Nancy’s mouth had dropped open slightly, but her gaze was steady. He’d said what he had to say, and now his heart pounded with a jumble of hope and dread as he waited for her answer.
She turned away from him and started to pace. “Dammit, Hardy.”
That wasn’t the response he had imagined in any of the dozen or so scenarios that had flashed through his head. Frank leaned wearily against the desk and heaved a frustrated sigh. “I’m sorry. I can’t tell if that’s a ‘yes’ or a ‘no,’ and I’m too tired to try and figure it out.”
The irritation in those flashing blue eyes was unmistakable. He cringed inwardly, but waited quietly as she made a couple more passes. He suspected she was gathering her thoughts and trying to decide how to let him down easy. Finally, she came to a stop directly in front of him, and he braced himself for what he thought was coming.
“We’re going to get a couple of things straight, right out of the gate.” She held up her left index finger. “First of all, you are one of my best friends, and under no circumstances is that allowed to change.”
Frank blinked in surprise. That had been about the last thing he expected. “Ok.”
A second finger popped up. “Second, I like my job. I like working for Riley. And I am not leaving Chicago. At least not right now.”
“Ohhh-k.” Frank wondered where she was going with this, but waited for her to finish.
She crossed her arms, fingers beating an agitated tempo on her arm. When her eyes rose to his, the look was almost defiant. “We can give ‘us’ a try as long as those two conditions are met.”
It took a moment for the ‘yes’ in that speech to sink into Frank’s sleep-deprived brain. He laughed in relief, but found himself a little stymied by the conditions.
“Did I say anything about you leaving your job or Chicago? I am not Nickerson, Nan. I love that you’re a private investigator, and I think Riley’s lucky to have you. I still have at least one more semester of school left, anyway, and after that, who knows what’s going to happen? We’ll just have to make the long-distance thing work for awhile, that’s all. The future we’ll sort out later . . . together.”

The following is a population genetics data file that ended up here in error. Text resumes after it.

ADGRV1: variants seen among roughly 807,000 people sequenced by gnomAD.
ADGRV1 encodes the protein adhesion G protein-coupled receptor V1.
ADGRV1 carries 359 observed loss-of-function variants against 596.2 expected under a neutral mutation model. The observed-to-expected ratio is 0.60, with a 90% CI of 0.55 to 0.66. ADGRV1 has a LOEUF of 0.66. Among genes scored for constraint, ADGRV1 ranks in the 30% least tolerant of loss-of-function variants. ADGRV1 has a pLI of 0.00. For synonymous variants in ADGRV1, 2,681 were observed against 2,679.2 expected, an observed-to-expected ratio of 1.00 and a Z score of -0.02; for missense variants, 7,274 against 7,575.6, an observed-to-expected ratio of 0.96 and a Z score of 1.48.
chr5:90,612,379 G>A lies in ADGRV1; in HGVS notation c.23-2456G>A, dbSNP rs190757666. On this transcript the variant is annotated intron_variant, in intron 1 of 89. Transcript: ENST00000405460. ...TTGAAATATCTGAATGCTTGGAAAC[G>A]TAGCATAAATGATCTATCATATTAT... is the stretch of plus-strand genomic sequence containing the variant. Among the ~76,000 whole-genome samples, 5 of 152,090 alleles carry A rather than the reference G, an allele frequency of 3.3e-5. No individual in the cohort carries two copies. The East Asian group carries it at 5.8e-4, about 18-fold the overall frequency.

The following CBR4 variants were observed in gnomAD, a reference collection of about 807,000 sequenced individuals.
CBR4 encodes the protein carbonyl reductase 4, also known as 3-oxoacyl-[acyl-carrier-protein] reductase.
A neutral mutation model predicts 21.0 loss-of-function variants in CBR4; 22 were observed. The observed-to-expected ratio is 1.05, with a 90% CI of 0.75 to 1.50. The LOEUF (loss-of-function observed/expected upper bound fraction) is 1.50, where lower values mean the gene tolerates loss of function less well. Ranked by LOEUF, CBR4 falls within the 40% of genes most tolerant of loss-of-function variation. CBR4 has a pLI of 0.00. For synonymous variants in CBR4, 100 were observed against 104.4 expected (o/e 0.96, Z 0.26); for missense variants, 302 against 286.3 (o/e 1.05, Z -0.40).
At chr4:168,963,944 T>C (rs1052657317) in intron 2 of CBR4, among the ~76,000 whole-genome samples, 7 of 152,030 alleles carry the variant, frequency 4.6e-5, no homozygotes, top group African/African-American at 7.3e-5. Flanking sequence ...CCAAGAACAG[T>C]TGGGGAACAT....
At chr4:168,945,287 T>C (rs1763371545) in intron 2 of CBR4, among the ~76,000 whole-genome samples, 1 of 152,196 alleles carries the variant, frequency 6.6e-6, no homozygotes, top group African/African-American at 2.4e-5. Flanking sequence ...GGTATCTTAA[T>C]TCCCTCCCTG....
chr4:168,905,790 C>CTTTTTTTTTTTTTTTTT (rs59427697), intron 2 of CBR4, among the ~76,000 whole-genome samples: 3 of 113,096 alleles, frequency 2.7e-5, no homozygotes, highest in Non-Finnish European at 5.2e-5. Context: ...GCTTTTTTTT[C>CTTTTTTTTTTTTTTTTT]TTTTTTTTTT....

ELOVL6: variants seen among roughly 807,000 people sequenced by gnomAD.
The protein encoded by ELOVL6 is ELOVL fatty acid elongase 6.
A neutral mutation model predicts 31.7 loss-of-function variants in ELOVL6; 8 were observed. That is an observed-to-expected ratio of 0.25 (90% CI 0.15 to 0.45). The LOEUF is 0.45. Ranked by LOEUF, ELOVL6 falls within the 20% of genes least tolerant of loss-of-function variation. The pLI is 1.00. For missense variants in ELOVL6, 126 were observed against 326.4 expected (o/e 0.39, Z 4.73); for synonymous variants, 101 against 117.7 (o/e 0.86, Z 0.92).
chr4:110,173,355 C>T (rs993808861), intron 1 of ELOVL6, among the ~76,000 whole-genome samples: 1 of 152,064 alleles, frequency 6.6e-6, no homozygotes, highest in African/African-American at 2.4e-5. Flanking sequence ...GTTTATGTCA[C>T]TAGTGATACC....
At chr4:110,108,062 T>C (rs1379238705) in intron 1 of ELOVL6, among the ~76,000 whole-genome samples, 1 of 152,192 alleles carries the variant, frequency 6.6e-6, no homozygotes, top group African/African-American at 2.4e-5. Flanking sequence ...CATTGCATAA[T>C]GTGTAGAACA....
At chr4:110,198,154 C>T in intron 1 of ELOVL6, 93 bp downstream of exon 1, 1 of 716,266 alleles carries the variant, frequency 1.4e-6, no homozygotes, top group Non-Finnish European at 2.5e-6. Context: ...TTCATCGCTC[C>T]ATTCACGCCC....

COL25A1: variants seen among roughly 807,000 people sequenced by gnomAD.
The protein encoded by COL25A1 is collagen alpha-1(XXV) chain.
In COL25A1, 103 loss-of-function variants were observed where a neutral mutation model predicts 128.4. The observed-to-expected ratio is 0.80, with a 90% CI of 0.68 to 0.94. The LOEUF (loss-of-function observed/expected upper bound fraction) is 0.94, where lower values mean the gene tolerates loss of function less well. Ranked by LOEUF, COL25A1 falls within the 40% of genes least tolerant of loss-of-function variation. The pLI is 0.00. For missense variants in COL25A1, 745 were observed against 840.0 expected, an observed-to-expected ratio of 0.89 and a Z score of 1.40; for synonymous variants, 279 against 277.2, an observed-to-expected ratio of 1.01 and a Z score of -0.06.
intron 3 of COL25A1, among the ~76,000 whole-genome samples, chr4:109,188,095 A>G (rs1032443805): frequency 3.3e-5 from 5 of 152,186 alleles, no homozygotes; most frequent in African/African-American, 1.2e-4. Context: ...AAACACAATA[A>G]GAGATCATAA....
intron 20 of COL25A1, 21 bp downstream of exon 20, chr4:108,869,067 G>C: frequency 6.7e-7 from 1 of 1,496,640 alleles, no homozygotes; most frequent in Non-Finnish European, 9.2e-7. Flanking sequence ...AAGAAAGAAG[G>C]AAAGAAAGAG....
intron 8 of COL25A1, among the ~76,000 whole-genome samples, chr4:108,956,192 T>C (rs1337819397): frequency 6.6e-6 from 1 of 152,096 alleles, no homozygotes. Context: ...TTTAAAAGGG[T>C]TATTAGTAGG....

“And our friendship is precisely why I think our relationship is going to work. If there’s any change to that . . . well, I’m hoping it’ll only be for the better.”
She shifted. “Ok. So, we’re really going to give this . . . us a try?”
He was surprised as the defiance in her gaze was replaced by an uncharacteristic uncertainty. Nancy Drew was unsure of herself. This time he didn’t resist the urge. After all, she had said ‘yes’ in a round about way. He stepped forward and folded her into his arms, kissing her forehead, which was about the only place he thought he could kiss her without hurting her.
“Try? We’re gonna make this work, Drew.”
Her hands slipped up to his shoulders, and she looked up at him. He was certain he saw his own feelings for her reflected in those beautiful blue eyes, and his heart soared. They moved together without thought, lips brushing.
Nancy pulled back with a light chuckle. “Ow. I forgot.”
Frank sighed. “It figures. I finally get the green light, and nearly your entire face is black and blue.” He gently turned her head slightly, and ran a finger along her jaw line, to a place near her ear that was bruise-free. “Except here.” He leaned down and kissed her lightly. He found another space of creamy, clear skin and kissed it, murmuring against her neck, “And here.”
He felt her shiver in response to his touch, and would have pressed his advantage, but the door flew open without a knock. Neither of them was surprised to look up and find Joe standing there.
“Dad’s finally ready to go . . . oh.” A huge grin broke across Joe’s face. “It’s about freaking time.”
Chapter 13: Options & Opportunities
Frank stood and stretched. “I’m going to head to bed. I’m still whooped.”
Nancy stood, too, as did Fenton, Laura and Gertrude Hardy, and Carson Drew.
Frank heaved a silent sigh of frustration. Since he and Nancy had awakened, early Saturday afternoon, their family had been an unshakable presence. Even Joe and Van had been here earlier. Frank couldn’t help but feel a little jealous of the fact that they had an apartment to escape to. All he wanted was to spend some time alone with Nancy, and that was the one thing he hadn’t been able to accomplish.
At first he had been happy when his father had informed them that they would be staying at the house. He and Nancy under the same roof for the rest of the weekend had sounded like a slice of heaven. Unfortunately, he hadn’t taken the crush of relatives into account in those fantasies. There had been nowhere to go to get away from them.
“I think I’m going to go to bed early, too.” Nancy kissed her father on the cheek and smiled at Frank’s mother, father and aunt. “I think we’re still recovering.”
“Of course you are, dear. You had a terrible ordeal, both of you. You need your rest,” Aunt Gertrude said.
Frank walked over and kissed his mother and aunt each on the cheek, then joined Nancy. He put a hand at the small of her back and guided her up the stairs.
“Do you think they’ll leave us alone?” He asked under his breath.
Nancy chuckled. “We can hope.”
In the upstairs hallway, rather than turning to his own room, Frank followed Nancy into the spare room. He closed the door as she flipped on a small bedside lamp.
“Whew. I love my parents, but they have been driving me insane all day.”
“Now, Frank, to be fair we’ve only been awake nine or ten hours. It’s not like it’s been an entire day.” Nancy’s smile was teasing, and he growled and pulled her into his arms.
“Not even two days to spend together, and we sleep half of it away. Then our parents are like hovering, ever-present sentinels.” He looked down at her and smiled. “This is all I’ve wanted to do, all day.”